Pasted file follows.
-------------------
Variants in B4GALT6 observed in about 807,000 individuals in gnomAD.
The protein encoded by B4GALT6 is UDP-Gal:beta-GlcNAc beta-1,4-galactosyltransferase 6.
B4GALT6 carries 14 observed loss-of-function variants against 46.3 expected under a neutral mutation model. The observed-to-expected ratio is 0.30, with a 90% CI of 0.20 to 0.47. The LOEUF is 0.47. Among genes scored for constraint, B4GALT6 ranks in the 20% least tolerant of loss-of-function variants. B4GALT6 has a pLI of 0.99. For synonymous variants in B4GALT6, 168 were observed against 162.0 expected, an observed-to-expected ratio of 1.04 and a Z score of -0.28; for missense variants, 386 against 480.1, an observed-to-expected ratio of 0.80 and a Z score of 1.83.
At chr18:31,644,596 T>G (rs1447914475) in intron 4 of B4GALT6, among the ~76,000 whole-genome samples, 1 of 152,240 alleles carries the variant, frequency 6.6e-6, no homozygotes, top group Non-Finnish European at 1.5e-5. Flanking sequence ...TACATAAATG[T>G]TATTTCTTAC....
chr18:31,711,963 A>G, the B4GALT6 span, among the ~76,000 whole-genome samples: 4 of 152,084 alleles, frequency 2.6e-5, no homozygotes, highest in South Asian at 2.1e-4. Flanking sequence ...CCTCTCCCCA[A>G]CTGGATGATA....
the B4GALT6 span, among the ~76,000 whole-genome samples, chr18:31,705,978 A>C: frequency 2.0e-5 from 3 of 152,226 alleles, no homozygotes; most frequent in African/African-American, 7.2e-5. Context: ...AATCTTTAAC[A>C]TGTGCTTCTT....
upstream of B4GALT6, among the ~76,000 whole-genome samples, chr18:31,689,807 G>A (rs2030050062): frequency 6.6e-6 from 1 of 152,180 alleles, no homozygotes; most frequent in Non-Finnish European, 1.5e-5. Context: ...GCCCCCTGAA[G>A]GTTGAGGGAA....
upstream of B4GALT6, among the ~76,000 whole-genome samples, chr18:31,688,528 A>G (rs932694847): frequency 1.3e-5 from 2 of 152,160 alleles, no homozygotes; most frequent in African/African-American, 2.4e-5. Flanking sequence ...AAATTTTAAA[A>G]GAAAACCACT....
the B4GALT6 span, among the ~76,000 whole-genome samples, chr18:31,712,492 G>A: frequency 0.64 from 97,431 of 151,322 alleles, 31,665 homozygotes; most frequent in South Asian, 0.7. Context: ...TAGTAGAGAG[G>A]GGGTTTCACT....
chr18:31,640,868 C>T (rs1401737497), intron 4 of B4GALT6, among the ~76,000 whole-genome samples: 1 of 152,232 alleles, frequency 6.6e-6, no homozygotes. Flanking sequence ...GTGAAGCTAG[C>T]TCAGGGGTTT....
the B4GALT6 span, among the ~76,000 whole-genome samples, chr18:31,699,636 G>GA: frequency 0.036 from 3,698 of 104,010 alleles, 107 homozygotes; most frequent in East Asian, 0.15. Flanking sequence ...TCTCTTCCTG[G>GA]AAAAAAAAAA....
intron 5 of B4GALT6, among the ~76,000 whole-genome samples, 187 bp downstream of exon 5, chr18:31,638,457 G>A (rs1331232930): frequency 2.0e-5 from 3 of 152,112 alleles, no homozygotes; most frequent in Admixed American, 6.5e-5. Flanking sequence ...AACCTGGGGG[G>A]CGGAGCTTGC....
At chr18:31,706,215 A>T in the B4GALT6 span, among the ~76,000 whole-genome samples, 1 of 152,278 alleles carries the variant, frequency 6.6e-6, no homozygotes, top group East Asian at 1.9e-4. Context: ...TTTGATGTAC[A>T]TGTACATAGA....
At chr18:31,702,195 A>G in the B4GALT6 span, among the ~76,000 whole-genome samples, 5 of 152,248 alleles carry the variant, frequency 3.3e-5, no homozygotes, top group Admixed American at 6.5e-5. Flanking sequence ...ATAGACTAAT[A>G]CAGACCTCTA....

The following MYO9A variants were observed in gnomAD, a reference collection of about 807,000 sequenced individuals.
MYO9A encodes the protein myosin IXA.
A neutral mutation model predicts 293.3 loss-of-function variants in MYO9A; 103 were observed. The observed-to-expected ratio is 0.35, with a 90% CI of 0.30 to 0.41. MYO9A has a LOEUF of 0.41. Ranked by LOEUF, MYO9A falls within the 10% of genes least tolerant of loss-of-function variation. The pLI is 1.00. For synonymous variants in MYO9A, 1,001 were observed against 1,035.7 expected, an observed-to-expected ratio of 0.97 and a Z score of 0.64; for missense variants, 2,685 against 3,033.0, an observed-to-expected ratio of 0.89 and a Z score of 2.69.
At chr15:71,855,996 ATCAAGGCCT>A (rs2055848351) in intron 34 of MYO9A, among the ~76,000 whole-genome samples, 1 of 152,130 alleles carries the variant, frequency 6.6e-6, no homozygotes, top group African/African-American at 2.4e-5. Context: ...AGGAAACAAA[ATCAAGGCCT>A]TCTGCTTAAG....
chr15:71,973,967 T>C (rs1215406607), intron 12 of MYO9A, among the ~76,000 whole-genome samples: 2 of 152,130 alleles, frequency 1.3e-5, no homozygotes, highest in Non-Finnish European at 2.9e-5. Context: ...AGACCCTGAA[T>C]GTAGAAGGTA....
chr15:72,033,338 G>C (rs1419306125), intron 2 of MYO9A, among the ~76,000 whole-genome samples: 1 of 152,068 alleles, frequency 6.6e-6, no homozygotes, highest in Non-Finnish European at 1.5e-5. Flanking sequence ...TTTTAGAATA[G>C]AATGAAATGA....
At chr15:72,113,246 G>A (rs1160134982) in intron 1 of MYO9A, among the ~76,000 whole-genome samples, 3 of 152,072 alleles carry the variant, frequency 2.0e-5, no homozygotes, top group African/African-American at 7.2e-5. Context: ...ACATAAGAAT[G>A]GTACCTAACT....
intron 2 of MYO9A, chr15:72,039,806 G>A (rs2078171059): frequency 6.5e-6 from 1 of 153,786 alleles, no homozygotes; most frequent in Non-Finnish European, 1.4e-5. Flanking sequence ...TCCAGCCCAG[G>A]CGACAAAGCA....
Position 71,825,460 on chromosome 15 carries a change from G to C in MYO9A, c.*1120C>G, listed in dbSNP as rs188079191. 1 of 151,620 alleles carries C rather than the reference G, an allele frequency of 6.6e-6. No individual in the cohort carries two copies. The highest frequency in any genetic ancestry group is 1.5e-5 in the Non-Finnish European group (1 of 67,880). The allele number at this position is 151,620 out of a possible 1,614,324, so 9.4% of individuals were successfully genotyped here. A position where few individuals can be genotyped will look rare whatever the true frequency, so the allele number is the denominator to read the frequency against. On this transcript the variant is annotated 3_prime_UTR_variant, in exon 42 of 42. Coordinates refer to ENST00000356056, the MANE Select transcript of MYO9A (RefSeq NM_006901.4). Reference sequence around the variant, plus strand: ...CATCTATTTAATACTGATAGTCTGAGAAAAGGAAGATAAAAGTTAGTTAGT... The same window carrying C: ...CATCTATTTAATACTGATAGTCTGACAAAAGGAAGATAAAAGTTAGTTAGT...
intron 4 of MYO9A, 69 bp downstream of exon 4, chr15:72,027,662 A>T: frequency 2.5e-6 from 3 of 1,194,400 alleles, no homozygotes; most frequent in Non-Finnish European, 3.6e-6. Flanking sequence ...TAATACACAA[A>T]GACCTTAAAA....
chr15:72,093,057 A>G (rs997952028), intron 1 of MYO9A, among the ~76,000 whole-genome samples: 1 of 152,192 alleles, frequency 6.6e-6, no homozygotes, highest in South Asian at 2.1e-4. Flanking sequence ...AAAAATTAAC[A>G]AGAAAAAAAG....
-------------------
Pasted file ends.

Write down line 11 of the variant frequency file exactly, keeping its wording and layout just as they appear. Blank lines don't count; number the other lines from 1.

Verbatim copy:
the B4GALT6 span, among the ~76,000 whole-genome samples, chr18:31,699,636 G>GA: frequency 0.036 from 3,698 of 104,010 alleles, 107 homozygotes; most frequent in East Asian, 0.15. Flanking sequence ...TCTCTTCCTG[G>GA]AAAAAAAAAA....